I'm sure you've noticed that the rings of Saturn happen to closely resemble the shape and grooves of a long-play vinyl record. What would it sound like if you had a massive record needle and PLAYED that record?? That's what I attempted to recreate in this recording. Obviously some concessions had to be made: the rings are technically circles where an LP is a spiral, and no needle could possibly be made to specifications, to start. So the data that is available requires a certain amount of interpretation. This audio recording uses all data available to us today about the rings of Saturn. We have been able to survey the rings under three conditions: visual, infrared, and occultation (which if you don't know what it is, you gotta look it up, it's amazing!). These three surveys are being read one pixel at a time in a right-to-left fashion (a la a needle on a record); the brightness information from each pixel is used to drive sound generators. The data is interpreted in these ways:
1. Visual - ISS photographs - this is the amount of material in the rings. The needle will be colliding with many millions of particles per second -- due to these random interactions the main sound we will hear is random vibrations - i.e. noise. The brightness of the photograph drives a low-pass filter -- the "brighter" the ring, the "brighter" the noise.
2. RSS - Occultation -- this is the thickness of the rings. This is all relative as even at its thickest point the rings are only a few meters thick. This likely would not produce an audible difference in a 2500km-long record needle, but in our case it drives a second pink noise filter that emphasizes the low frequencies at high brightness data.
3. VIMS - Infrared -- this is information about particle size and composition. Brightness data is used as grain onset timing. Red represents ice concentration while blue-green represents rock concentration -- that said, the rings are composed of 99.9% ice, so even the bluest colors on this survey would be audibly indifferentiable from red sections.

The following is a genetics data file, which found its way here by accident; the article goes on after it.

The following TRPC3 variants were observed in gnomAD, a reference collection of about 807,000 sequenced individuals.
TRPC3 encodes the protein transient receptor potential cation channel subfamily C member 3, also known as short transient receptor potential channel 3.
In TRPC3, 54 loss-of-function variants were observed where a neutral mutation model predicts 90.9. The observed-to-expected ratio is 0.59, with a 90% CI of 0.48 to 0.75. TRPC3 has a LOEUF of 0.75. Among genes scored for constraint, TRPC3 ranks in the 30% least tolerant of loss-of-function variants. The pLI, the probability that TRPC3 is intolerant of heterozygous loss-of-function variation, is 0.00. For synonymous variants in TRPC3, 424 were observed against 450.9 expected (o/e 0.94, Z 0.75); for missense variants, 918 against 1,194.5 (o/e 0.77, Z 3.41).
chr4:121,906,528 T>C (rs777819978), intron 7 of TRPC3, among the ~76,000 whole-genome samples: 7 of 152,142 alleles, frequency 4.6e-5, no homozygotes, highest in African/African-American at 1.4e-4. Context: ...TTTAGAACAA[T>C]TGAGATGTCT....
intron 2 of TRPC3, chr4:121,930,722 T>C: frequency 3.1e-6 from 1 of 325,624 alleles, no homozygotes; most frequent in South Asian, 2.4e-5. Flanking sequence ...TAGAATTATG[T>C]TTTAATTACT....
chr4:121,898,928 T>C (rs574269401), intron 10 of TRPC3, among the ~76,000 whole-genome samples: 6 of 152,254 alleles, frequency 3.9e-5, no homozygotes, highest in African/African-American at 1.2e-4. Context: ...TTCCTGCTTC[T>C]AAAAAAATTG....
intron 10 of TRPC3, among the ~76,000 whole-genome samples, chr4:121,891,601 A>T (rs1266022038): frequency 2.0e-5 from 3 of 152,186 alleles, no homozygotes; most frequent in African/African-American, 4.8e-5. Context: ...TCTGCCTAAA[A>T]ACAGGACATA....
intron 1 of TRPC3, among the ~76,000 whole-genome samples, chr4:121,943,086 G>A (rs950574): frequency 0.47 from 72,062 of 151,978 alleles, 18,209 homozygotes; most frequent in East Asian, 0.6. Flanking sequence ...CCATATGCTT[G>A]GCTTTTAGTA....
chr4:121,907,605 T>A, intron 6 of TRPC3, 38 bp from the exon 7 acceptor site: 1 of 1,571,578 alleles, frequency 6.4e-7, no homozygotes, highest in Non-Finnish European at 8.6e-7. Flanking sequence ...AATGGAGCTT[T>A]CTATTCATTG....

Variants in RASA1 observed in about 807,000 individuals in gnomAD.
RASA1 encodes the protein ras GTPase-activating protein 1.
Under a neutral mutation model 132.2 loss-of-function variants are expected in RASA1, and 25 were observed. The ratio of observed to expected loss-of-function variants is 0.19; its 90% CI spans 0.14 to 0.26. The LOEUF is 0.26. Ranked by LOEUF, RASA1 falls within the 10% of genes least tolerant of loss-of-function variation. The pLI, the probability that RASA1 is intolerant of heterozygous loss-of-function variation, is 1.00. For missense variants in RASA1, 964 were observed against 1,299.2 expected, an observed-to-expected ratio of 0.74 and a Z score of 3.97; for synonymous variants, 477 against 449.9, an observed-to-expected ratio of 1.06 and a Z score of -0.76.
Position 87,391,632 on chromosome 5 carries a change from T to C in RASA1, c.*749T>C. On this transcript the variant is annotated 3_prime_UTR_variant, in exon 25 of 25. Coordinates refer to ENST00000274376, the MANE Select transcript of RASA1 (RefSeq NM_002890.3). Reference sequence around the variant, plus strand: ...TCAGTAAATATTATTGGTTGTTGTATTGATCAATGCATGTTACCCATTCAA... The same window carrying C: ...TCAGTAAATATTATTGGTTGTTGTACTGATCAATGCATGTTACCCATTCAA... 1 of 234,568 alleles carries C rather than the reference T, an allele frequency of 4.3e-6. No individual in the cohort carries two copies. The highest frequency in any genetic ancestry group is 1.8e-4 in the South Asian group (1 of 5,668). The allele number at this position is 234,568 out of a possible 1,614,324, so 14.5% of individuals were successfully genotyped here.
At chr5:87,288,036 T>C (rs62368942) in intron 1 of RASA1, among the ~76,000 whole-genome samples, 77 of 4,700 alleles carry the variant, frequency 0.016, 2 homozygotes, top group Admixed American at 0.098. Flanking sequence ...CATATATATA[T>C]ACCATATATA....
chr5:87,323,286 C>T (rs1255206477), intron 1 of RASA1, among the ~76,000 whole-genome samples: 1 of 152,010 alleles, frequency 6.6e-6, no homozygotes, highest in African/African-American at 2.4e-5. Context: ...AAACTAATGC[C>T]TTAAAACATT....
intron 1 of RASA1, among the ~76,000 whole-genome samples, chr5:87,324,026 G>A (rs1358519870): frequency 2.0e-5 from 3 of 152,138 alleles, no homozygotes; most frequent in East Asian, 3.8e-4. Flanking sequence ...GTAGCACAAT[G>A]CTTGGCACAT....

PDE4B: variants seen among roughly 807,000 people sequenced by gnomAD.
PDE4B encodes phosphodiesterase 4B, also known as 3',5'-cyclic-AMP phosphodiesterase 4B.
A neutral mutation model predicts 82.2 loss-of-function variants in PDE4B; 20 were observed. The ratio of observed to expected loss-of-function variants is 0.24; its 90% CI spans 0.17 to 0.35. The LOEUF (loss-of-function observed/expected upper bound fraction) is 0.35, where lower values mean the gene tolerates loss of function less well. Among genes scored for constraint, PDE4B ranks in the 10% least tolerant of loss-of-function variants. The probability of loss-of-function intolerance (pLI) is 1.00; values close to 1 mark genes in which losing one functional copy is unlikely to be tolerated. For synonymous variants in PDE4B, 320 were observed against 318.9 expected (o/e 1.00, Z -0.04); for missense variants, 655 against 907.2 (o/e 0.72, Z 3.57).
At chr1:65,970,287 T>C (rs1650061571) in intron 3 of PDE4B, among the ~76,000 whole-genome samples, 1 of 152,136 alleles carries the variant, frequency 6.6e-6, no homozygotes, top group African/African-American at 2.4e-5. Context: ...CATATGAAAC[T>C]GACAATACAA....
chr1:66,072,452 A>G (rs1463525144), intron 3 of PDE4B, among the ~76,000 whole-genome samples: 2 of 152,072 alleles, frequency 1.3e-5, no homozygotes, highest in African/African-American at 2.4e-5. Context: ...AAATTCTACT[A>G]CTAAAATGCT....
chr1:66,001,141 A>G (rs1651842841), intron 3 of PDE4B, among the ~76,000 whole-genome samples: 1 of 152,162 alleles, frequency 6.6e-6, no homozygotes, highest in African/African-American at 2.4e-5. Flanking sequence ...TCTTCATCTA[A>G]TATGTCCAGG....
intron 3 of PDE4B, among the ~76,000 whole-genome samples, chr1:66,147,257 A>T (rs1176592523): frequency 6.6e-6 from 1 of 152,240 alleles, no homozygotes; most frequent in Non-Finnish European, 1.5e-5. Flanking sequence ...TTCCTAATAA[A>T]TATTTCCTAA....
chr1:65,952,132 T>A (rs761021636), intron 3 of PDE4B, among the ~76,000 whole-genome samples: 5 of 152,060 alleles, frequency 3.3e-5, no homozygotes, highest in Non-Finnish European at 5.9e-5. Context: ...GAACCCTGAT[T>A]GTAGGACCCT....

I hope you weren't hoping for beautiful chords or hidden messages... in the end though, reading a huge field of rocks with a record needle is going to sound like a field of rocks. The entire piece is 20 minutes long, as that is the length of a standard LP side. The rings of Saturn turn at 10 hrs per revolution, which means that an actual performance of this piece would take 277 days. (The outer rings are moving at 110,000km/hr though, so they're still moving pretty darn quick...) It ends up being a pretty nice sleep noise generator!
I discovered that a few reddit readers already posted about it a few years ago on this subreddit, so I thought I'd bring it back now that I made it happen! Shouts out to u/avech and u/Deinos_Mousike who started the post and who did a lot of very interesting math legwork for this project!
Requires Ableton Live 11 and Max 4 Live
(make sure this folder is in Max's folder search preferences)